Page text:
District Heating Network (Source: Hunosa)
District heating: providing heat for communities
District heating is a solution for providing heat and hot water to a cluster of buildings, which can go from a few houses to entire cities. In the case of the Mieres system, a university, a high school, and two independent buildings are connected to the network.
The main advantage of district heating is that the thermal supply needed is produced in a single power plant and then gets distributed to the consumers through pipelines. This technology is based on the principle that large heat production has higher efficiency than a small one. The only need of end-users is a substation in order to adapt the general supply to their own demand.
The network´s structure enables the supplier to produce all the demanded power from a single power plant, which makes it easier to control emissions and maintenance while making the overall production more efficient and, thus, more profitable.
For district heating networks to be carbon-neutral, there are two options. The first would be to source the heat from renewable energies, usually biomass. The second option would be to use an available heat resource from nature, as is the case with geothermal energy, or from industry, such as the excess heat in metallurgy.
The results: two high temperature and one low temperature heating circuits
The geothermal installation delivers hot water for three circuits at two different temperatures. Two high temperature circuits supply hot water and heating to a university and a high school. This is a breakthrough as heat pumps and refrigerants have been commercially developed, which can raise the water outlet temperature to 75ºC – 80ºC, making it possible to heat buildings whose systems need this temperature range to function properly. Hence, Hunosa adapted their geothermal installation to be able to supply heat to any consumer, even to buildings with conventional heating systems. Then, there is a low temperature circuit that is also used to provide hot water and heating, in this case to two private condominiums. This second system presents broader business opportunities, as it allows the company to access new market segments, helping to improve the overall coefficient of performance of the circuit. Thanks to its innovative setup, the Mieres District Heating system has earned the Global District Heating Award in the Emerging Market category. This prize rewards the successful implementation of a District Energy System in a country that does not yet have an established District Energy market.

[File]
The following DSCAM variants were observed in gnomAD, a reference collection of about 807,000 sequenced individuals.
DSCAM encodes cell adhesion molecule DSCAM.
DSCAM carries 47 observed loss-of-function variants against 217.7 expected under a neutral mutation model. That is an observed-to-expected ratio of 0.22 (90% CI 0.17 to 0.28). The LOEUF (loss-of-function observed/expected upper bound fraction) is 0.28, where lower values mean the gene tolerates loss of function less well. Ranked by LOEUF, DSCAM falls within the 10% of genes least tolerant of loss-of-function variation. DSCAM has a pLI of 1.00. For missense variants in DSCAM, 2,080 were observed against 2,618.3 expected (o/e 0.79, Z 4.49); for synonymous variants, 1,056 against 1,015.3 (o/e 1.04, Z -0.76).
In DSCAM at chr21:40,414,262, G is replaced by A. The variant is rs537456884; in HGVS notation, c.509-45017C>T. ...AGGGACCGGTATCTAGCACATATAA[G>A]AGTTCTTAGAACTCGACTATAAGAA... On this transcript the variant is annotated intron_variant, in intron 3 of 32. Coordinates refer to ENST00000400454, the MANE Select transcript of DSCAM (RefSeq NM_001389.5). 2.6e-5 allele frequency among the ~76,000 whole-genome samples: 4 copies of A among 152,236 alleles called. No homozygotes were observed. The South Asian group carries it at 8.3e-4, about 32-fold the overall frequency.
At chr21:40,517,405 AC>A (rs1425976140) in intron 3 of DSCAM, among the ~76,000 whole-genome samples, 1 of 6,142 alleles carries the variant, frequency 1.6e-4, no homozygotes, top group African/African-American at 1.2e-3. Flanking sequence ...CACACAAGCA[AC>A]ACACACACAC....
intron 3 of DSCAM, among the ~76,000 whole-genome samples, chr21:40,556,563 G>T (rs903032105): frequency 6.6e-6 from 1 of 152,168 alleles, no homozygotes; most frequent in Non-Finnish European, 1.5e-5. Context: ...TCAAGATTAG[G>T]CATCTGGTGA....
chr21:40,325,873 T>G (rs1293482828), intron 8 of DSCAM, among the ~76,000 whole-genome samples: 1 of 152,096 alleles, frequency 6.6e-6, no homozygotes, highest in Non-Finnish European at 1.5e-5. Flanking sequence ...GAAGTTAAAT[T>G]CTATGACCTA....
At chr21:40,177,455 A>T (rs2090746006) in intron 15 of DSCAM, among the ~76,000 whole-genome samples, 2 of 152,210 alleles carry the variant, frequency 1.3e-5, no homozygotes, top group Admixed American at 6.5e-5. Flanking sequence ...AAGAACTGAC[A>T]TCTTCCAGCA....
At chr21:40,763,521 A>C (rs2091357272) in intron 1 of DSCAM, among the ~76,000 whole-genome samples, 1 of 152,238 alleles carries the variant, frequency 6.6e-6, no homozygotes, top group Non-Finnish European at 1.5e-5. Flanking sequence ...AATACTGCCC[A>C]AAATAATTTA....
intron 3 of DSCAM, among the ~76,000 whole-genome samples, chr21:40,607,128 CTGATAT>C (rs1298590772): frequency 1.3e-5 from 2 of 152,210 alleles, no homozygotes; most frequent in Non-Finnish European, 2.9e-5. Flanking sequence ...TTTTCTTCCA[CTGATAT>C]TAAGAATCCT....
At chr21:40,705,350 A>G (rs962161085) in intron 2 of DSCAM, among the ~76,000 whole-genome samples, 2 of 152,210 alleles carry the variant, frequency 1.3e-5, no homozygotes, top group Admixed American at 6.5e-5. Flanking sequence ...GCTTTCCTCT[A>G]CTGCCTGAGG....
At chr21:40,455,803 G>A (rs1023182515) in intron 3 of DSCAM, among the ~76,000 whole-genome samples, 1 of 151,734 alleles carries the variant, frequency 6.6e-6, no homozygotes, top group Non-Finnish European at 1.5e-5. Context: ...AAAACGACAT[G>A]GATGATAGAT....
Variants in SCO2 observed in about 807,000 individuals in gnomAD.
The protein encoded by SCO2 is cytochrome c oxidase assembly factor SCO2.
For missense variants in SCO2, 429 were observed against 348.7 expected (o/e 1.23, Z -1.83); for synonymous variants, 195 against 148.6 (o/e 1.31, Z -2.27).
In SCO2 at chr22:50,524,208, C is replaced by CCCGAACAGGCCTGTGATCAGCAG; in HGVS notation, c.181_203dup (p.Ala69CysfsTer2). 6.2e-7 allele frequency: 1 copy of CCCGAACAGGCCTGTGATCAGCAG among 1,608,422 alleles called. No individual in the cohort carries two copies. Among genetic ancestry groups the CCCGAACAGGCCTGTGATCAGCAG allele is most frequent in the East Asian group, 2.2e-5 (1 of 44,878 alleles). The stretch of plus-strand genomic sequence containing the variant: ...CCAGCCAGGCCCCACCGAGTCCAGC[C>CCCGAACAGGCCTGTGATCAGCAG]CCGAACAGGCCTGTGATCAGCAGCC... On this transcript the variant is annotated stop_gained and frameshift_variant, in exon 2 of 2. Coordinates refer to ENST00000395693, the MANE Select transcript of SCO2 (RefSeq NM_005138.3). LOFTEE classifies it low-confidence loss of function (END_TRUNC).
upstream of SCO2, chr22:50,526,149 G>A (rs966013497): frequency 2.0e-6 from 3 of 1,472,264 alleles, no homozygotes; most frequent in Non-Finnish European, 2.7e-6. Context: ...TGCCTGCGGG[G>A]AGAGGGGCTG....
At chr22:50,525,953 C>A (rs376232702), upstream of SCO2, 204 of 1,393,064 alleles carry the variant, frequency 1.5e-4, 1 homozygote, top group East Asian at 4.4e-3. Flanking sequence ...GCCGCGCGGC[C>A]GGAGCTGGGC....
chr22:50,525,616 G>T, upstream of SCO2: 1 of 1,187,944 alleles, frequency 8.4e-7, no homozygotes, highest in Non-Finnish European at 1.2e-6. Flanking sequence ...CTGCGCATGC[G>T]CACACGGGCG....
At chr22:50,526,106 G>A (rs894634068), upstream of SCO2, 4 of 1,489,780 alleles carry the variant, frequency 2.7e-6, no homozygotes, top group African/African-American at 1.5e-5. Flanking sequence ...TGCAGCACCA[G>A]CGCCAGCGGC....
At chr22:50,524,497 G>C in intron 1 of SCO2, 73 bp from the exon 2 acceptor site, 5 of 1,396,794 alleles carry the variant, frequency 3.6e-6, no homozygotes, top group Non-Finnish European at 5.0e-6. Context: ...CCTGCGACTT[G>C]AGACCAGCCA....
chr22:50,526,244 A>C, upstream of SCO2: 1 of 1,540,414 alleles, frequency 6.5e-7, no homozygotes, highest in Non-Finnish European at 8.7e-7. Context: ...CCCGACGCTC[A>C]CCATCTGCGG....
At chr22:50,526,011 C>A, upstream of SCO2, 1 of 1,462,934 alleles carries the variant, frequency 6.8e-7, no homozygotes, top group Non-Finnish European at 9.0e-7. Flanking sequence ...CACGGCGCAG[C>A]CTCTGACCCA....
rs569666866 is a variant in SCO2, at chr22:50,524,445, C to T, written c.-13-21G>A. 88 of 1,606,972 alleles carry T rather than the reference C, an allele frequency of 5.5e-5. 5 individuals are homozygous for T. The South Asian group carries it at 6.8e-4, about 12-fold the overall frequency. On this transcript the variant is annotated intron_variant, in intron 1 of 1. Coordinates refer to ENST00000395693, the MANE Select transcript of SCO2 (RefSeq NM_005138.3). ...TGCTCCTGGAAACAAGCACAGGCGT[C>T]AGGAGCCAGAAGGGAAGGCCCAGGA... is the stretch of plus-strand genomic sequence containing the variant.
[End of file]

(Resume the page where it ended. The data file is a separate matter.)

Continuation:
The final geothermal installation produces 2 MW that covers 86.5% of the overall energy demand (heat and electricity) from buildings connected to the network. Heating demand is almost completely covered with geothermal energy. In relation to domestic hot water, the geothermal system preheats it only in the heating season (from October to April). Globally this facility supplies roughly 2,880 MWh a year, which translates into an emission reduction of 436 tons CO2 /year as compared to the former individual systems.
The advantages of the system for Mieres
The main benefits the plant has generated for Hunosa and for the Mieres community could be summed up as:
- Centralized operation and maintenance reduce health risks and ease emissions control.
- Reduction of the urban heat island effect by avoiding the generation of heat associated with chimneys, cooling towers, etc. This is due to the fact that in District Heating systems, power generation is concentrated at a single point, usually far from populated areas. However, Hunosa’s case is even more efficient, as the heat is dissipated in the mine water that is discharged into the river and not into the atmosphere.
- More efficient treatment of noise and safety of generating units compared to that of the mine.
- Easier adaptation to new regulations or requirements. HUNOSA’s diversification activities are framed within the commitments set out in a business plan, which is drawn up in response to a gradual reduction in the company’s traditional activities (coal mining) and a diversification focused on, among other things, the development of renewable energies. The objectives are, essentially, the maintenance of employment, and the industrialisation of the mining regions on which the company is based with activities more in line with more efficient and low emission energy models.
- Reduction of environmental impact and energy resources consumption by integrating renewable, residual or local energy supplies into the generation mix.
- Job shift as since the surpluses in employment that the company has due to the closure of the mines must be diverted to other alternative activities of the company. One of these activities is geothermal energy.
- Reduction of energetic dependency.